When it comes to personal finances, most people don’t think much about exchange rates until they are about to go holiday overseas, but there are sound reasons why investors should pay closer attention.
Since Christmas, the pound has strengthened against the dollar and other currencies. A pound was worth $1.27 in December, but it was worth $1.33 by the end of February – a rise of 4.5%.
We don’t often cover the topic of currencies, given that as a rule we endeavour to keep the level of currency risk in our portfolios contained. This is on the basis that currency moves are relatively unpredictable and there’s no long-term expected return from an overseas currency. However, from time to time markets appear to bake in a consensus that seems inconsistent with the facts.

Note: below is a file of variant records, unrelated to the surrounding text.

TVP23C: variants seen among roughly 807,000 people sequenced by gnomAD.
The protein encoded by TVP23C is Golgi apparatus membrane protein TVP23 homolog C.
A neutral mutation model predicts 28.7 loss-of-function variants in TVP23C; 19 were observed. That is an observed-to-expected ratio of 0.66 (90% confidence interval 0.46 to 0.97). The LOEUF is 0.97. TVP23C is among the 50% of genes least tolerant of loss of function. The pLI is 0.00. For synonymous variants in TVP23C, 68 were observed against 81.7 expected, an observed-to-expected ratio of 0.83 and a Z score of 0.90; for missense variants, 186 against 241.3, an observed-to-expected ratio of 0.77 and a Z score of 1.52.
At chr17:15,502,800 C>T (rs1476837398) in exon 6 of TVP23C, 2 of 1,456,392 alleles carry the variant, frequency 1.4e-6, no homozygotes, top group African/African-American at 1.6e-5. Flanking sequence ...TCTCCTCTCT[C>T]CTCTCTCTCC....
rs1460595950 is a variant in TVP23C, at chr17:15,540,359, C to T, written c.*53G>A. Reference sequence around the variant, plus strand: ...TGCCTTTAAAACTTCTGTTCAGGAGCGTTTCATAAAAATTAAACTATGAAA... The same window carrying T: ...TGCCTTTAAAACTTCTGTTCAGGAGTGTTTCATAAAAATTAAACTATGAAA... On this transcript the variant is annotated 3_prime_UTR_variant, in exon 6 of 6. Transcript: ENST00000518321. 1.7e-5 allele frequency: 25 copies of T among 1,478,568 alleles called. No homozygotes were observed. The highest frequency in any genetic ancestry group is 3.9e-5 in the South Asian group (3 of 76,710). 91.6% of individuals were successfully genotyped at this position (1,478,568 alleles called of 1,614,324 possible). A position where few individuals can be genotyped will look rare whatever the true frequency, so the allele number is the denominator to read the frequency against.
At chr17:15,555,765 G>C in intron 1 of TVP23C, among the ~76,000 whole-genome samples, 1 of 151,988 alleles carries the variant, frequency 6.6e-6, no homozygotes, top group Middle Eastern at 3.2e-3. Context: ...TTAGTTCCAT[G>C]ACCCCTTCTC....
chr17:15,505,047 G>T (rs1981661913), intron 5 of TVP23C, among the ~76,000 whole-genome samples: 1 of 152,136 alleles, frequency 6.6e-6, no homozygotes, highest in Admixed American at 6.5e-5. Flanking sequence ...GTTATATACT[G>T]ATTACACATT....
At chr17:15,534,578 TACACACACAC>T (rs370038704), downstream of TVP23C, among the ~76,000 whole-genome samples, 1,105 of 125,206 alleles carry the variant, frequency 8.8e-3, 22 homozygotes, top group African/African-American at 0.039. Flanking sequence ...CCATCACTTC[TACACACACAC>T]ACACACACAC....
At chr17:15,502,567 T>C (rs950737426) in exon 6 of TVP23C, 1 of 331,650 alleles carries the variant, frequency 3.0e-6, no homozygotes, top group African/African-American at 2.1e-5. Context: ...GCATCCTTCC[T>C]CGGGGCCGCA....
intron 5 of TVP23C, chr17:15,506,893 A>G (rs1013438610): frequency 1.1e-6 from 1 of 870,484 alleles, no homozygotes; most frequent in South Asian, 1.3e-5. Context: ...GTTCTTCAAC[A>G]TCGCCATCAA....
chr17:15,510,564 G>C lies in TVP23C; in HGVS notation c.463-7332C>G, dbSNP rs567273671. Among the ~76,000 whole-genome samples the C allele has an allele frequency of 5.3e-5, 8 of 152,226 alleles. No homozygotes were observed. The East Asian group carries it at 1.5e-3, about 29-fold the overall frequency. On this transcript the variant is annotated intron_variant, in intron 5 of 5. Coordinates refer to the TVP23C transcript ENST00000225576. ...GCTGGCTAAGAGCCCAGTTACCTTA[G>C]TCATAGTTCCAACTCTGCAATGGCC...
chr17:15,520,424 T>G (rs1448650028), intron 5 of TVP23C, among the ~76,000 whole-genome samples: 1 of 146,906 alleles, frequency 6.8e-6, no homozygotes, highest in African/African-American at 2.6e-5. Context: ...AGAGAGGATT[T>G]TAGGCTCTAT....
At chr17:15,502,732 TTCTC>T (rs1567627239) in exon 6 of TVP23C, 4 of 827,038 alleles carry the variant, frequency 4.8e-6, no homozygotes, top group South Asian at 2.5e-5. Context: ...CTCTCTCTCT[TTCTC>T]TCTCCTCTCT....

Those with a penchant for gold might be relieved to hear that it is still likely to gather momentum, according to experts.
Dovish minutes from the US Federal Open Market Committee (FOMC) reignited speculation that a third round of quantitative easing (QE) may be in the pipeline for the US.